Article citationsMore >>

Velioglu., Y.S, Mazza, G, Gao, L. and Oomah B.D. (1998). Antioxidant activity and total phenolics in selected fruits, vegetables, and grain products. J. Agric. Food Chem., 46: 4113-4117.

has been cited by the following article:

Article

Effect of Processing Methods on the Proximate Composition, Total Phenols and Antioxidant Properties of Two Mushroom Varieties

1Department of Food Science and Technology, Kwame Nkrumah University of Science and Technology, Kumasi, Ghana


American Journal of Food and Nutrition. 2018, Vol. 6 No. 2, 55-59
DOI: 10.12691/ajfn-6-2-4
Copyright © 2018 Science and Education Publishing

Cite this paper:
Abena A. Asamoa, Esther A. Essel, Jacob K. Agbenorhevi, Ibok N. Oduro. Effect of Processing Methods on the Proximate Composition, Total Phenols and Antioxidant Properties of Two Mushroom Varieties. American Journal of Food and Nutrition. 2018; 6(2):55-59. doi: 10.12691/ajfn-6-2-4.

Correspondence to: Esther  A. Essel, Department of Food Science and Technology, Kwame Nkrumah University of Science and Technology, Kumasi, Ghana. Email: jkagbenorhevi.cos@knust.edu.gh; jkagbenorhevi@yahoo.com

Abstract

Mushrooms are traditionally consumed as food and are known to possess nutritional and medicinal properties. However, the choice of processing methods for mushrooms are often based on preference rather than the impact on nutritional or health benefits. The effect of solar drying, steaming and roasting on the proximate, phytochemicals and antioxidant activity of two mushroom varieties (Termitomyces schimperi and Volvariella volvacea) were investigated. Proximate analysis and phytochemical screening were carried out using standard protocols. The total phenols content and antioxidant activity were determined by means of Folin-Ciocalteu method and 1, 1-Diphenyl-2-picryl-hydrazyl (DPPH) assay, respectively. Results indicate that both processing methods and varietal differences had effects on nutrient composition of mushrooms. Solar drying retained most nutrients in both varieties. Dried T. schimperi had the highest protein content of 29.09 % whereas dried V. volvacea had the highest carbohydrate and ash contents of 60.71% and 5.56 %, respectively. Steamed mushrooms retained moisture and had the lowest carbohydrate content with steamed V. volvacea having the highest moisture and lowest carbohydrate values of 91.15% and 54.71%, respectively. Roasting also showed a high protein content of 28.65% in T. schimperi and a high carbohydrate of 58.65% in V. volvacea. None of the processing methods however had a significant effect on fat and fibre contents of both varieties used. The phytochemicals tested were present in both varieties in the processed and unprocessed forms. The steamed extract was the strongest scavenger of DPPH with 50 % inhibitory concentration (IC50) value of 3.03 ± 0.40 mg/mL whereas the unprocessed extract had the least effect with IC50 value of 9.35 ± 0.42 mg/ml. Similarly, the steamed extract recorded the highest total phenol content with value of 1644 ± 39 mg GAE/100 g whereas the unprocessed extract was the lowest with value of 1336 ± 93 mg GAE/100 g respectively. The present findings suggest that steamed mushrooms possess the highest antioxidant activity.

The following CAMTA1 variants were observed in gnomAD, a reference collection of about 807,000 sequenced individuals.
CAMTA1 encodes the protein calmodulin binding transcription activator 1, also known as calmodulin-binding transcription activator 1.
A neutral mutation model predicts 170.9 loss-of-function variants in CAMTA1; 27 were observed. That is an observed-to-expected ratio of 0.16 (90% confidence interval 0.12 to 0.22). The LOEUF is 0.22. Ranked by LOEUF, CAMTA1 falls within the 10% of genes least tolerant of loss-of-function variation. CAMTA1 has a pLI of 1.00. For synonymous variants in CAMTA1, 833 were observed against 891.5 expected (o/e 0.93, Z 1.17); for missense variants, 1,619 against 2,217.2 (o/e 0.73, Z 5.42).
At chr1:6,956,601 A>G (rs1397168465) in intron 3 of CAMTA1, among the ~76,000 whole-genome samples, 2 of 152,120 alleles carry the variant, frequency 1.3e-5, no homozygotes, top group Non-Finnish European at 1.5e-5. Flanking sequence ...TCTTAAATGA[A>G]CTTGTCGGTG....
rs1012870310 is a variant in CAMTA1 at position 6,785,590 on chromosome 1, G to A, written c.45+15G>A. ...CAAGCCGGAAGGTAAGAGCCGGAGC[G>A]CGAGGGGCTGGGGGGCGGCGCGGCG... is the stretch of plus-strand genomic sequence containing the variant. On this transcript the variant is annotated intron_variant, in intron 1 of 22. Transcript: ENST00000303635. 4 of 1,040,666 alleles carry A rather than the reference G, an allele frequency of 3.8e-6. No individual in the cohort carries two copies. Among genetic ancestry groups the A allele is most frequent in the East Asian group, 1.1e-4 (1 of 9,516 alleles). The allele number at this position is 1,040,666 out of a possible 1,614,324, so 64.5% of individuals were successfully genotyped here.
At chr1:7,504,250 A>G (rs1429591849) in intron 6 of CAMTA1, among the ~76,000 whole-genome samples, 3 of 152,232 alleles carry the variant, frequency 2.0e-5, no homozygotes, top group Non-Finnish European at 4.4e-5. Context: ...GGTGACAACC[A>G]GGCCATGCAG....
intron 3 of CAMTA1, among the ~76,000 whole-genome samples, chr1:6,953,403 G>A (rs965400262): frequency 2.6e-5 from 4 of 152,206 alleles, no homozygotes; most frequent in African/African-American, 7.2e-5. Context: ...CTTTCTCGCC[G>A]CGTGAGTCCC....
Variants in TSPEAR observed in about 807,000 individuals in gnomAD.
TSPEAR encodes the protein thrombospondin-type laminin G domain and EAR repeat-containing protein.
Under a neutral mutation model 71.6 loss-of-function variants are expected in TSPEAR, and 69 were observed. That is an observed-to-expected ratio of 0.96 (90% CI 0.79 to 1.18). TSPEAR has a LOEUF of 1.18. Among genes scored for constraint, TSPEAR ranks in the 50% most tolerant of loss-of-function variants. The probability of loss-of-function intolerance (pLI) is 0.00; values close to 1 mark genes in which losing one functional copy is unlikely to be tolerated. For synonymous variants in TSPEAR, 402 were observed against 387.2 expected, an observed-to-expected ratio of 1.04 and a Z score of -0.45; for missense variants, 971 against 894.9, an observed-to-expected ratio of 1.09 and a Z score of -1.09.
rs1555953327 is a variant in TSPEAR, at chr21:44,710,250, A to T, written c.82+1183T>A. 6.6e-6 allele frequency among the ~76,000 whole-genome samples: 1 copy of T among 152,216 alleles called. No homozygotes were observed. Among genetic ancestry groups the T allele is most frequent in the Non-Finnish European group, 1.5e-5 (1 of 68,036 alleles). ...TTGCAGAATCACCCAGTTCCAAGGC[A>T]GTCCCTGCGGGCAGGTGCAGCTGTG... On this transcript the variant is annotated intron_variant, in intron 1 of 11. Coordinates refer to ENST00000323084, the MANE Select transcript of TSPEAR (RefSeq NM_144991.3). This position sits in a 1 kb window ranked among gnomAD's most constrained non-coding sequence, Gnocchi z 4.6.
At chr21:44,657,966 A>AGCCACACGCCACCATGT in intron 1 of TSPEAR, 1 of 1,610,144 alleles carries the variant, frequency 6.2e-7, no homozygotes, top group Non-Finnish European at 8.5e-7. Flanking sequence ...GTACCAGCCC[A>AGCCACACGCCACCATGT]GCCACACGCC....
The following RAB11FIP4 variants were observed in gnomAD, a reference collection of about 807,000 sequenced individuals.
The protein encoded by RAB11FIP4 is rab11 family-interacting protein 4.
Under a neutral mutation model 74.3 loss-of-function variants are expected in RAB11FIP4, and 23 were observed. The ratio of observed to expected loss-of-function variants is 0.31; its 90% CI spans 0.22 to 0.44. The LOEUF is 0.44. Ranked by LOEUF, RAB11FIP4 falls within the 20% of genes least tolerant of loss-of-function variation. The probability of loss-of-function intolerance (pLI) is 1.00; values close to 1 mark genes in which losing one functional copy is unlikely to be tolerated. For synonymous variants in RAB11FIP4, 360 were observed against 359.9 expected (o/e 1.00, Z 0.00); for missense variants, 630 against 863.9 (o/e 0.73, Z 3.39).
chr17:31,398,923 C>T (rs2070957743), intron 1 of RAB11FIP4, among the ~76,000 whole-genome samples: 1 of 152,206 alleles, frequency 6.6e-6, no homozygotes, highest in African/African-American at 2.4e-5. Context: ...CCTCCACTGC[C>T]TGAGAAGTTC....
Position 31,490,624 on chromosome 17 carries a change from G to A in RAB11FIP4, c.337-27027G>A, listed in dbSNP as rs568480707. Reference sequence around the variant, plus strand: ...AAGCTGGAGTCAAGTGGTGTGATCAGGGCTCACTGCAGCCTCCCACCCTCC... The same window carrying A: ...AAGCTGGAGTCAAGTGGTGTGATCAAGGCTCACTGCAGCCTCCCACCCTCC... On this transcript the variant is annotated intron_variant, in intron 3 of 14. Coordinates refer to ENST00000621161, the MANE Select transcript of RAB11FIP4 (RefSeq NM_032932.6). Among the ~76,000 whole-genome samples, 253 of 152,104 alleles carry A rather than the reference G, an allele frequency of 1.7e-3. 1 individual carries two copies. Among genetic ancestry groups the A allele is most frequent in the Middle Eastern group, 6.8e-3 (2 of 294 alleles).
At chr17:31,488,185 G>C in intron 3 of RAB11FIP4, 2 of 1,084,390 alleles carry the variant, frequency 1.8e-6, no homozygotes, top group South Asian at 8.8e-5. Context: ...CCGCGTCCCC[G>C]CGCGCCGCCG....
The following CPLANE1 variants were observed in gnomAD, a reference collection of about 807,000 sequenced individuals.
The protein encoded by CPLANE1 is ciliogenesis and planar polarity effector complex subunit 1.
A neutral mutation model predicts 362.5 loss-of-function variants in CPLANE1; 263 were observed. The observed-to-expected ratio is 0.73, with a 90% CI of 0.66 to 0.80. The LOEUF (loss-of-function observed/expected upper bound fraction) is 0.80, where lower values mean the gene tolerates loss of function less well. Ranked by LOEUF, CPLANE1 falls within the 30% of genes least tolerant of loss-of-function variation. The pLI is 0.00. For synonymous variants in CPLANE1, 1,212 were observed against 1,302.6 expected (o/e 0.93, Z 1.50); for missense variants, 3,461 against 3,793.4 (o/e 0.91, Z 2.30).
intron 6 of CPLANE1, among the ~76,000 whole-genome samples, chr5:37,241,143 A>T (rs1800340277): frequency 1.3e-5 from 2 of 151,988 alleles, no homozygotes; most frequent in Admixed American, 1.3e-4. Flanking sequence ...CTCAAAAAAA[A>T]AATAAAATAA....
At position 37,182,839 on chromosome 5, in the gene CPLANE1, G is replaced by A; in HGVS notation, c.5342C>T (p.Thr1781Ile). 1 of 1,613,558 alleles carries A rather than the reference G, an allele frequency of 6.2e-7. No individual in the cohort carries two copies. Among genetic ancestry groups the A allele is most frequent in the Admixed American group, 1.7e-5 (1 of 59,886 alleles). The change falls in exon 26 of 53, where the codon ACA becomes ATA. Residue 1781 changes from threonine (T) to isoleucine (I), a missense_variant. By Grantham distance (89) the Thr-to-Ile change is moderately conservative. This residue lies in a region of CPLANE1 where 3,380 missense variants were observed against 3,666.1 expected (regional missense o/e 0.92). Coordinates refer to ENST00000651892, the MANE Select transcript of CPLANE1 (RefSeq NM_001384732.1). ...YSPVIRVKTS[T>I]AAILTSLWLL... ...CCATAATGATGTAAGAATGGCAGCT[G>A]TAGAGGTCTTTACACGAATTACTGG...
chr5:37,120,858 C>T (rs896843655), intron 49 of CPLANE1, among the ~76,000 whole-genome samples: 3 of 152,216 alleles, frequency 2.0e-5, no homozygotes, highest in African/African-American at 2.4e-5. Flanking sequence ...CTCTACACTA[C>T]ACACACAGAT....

Keywords